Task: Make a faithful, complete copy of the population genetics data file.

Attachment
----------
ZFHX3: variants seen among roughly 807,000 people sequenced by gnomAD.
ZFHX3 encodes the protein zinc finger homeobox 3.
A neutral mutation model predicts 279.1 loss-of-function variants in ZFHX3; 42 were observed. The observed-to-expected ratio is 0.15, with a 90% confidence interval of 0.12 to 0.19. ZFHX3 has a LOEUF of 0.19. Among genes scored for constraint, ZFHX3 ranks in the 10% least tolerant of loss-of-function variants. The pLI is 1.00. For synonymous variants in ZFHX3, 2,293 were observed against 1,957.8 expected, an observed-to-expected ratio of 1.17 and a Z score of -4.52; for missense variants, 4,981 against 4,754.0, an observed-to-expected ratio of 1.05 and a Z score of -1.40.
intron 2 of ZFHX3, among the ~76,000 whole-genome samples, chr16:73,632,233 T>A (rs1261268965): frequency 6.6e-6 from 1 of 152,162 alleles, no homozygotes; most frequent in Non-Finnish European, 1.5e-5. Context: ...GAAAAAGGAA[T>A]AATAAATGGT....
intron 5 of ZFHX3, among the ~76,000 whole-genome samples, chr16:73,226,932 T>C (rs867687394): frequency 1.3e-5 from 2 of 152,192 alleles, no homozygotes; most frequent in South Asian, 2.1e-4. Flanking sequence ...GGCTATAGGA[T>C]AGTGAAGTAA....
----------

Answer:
ZFHX3: variants seen among roughly 807,000 people sequenced by gnomAD.
ZFHX3 encodes the protein zinc finger homeobox 3.
A neutral mutation model predicts 279.1 loss-of-function variants in ZFHX3; 42 were observed. The observed-to-expected ratio is 0.15, with a 90% confidence interval of 0.12 to 0.19. ZFHX3 has a LOEUF of 0.19. Among genes scored for constraint, ZFHX3 ranks in the 10% least tolerant of loss-of-function variants. The pLI is 1.00. For synonymous variants in ZFHX3, 2,293 were observed against 1,957.8 expected, an observed-to-expected ratio of 1.17 and a Z score of -4.52; for missense variants, 4,981 against 4,754.0, an observed-to-expected ratio of 1.05 and a Z score of -1.40.
intron 2 of ZFHX3, among the ~76,000 whole-genome samples, chr16:73,632,233 T>A (rs1261268965): frequency 6.6e-6 from 1 of 152,162 alleles, no homozygotes; most frequent in Non-Finnish European, 1.5e-5. Context: ...GAAAAAGGAA[T>A]AATAAATGGT....
intron 5 of ZFHX3, among the ~76,000 whole-genome samples, chr16:73,226,932 T>C (rs867687394): frequency 1.3e-5 from 2 of 152,192 alleles, no homozygotes; most frequent in South Asian, 2.1e-4. Flanking sequence ...GGCTATAGGA[T>C]AGTGAAGTAA....